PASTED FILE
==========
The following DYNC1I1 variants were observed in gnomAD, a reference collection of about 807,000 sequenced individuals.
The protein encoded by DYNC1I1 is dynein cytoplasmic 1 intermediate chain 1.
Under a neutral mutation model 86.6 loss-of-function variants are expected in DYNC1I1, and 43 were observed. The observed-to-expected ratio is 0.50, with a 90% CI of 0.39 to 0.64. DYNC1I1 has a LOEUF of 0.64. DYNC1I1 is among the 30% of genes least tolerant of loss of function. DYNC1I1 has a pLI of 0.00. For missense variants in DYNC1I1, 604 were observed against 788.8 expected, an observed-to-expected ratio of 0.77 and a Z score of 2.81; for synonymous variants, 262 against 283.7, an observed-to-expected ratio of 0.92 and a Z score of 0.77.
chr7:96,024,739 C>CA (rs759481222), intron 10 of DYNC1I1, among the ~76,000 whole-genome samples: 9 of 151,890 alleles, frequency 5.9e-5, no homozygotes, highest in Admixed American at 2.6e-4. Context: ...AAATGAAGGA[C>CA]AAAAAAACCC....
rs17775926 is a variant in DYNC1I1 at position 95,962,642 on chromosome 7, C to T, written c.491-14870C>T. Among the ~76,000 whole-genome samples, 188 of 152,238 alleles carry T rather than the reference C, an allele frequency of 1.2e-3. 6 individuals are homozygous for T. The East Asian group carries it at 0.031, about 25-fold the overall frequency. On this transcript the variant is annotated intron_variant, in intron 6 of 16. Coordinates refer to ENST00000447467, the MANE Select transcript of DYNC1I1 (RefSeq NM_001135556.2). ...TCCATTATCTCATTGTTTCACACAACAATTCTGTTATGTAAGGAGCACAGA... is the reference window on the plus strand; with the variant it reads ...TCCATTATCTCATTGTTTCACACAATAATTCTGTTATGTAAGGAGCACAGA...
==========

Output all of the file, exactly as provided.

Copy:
The following DYNC1I1 variants were observed in gnomAD, a reference collection of about 807,000 sequenced individuals.
The protein encoded by DYNC1I1 is dynein cytoplasmic 1 intermediate chain 1.
Under a neutral mutation model 86.6 loss-of-function variants are expected in DYNC1I1, and 43 were observed. The observed-to-expected ratio is 0.50, with a 90% CI of 0.39 to 0.64. DYNC1I1 has a LOEUF of 0.64. DYNC1I1 is among the 30% of genes least tolerant of loss of function. DYNC1I1 has a pLI of 0.00. For missense variants in DYNC1I1, 604 were observed against 788.8 expected, an observed-to-expected ratio of 0.77 and a Z score of 2.81; for synonymous variants, 262 against 283.7, an observed-to-expected ratio of 0.92 and a Z score of 0.77.
chr7:96,024,739 C>CA (rs759481222), intron 10 of DYNC1I1, among the ~76,000 whole-genome samples: 9 of 151,890 alleles, frequency 5.9e-5, no homozygotes, highest in Admixed American at 2.6e-4. Context: ...AAATGAAGGA[C>CA]AAAAAAACCC....
rs17775926 is a variant in DYNC1I1 at position 95,962,642 on chromosome 7, C to T, written c.491-14870C>T. Among the ~76,000 whole-genome samples, 188 of 152,238 alleles carry T rather than the reference C, an allele frequency of 1.2e-3. 6 individuals are homozygous for T. The East Asian group carries it at 0.031, about 25-fold the overall frequency. On this transcript the variant is annotated intron_variant, in intron 6 of 16. Coordinates refer to ENST00000447467, the MANE Select transcript of DYNC1I1 (RefSeq NM_001135556.2). ...TCCATTATCTCATTGTTTCACACAACAATTCTGTTATGTAAGGAGCACAGA... is the reference window on the plus strand; with the variant it reads ...TCCATTATCTCATTGTTTCACACAATAATTCTGTTATGTAAGGAGCACAGA...